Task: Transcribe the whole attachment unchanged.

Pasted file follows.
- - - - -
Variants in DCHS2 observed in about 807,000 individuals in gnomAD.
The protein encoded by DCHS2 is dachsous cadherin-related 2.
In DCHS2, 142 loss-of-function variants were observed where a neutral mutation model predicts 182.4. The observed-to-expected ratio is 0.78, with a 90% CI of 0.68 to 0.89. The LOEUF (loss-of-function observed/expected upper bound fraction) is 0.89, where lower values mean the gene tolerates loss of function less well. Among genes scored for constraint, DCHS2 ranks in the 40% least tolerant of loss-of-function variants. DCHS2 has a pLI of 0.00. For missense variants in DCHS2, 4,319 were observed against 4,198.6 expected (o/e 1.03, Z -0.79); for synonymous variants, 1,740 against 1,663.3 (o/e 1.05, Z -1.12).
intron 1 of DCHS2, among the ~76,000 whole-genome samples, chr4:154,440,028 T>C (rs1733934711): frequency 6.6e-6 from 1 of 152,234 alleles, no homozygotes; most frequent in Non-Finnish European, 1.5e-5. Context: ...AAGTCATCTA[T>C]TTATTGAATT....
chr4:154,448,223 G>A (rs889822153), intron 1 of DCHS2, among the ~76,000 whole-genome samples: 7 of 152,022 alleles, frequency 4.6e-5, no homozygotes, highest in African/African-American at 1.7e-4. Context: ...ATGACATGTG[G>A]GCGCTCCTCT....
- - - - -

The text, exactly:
Variants in DCHS2 observed in about 807,000 individuals in gnomAD.
The protein encoded by DCHS2 is dachsous cadherin-related 2.
In DCHS2, 142 loss-of-function variants were observed where a neutral mutation model predicts 182.4. The observed-to-expected ratio is 0.78, with a 90% CI of 0.68 to 0.89. The LOEUF (loss-of-function observed/expected upper bound fraction) is 0.89, where lower values mean the gene tolerates loss of function less well. Among genes scored for constraint, DCHS2 ranks in the 40% least tolerant of loss-of-function variants. DCHS2 has a pLI of 0.00. For missense variants in DCHS2, 4,319 were observed against 4,198.6 expected (o/e 1.03, Z -0.79); for synonymous variants, 1,740 against 1,663.3 (o/e 1.05, Z -1.12).
intron 1 of DCHS2, among the ~76,000 whole-genome samples, chr4:154,440,028 T>C (rs1733934711): frequency 6.6e-6 from 1 of 152,234 alleles, no homozygotes; most frequent in Non-Finnish European, 1.5e-5. Context: ...AAGTCATCTA[T>C]TTATTGAATT....
chr4:154,448,223 G>A (rs889822153), intron 1 of DCHS2, among the ~76,000 whole-genome samples: 7 of 152,022 alleles, frequency 4.6e-5, no homozygotes, highest in African/African-American at 1.7e-4. Context: ...ATGACATGTG[G>A]GCGCTCCTCT....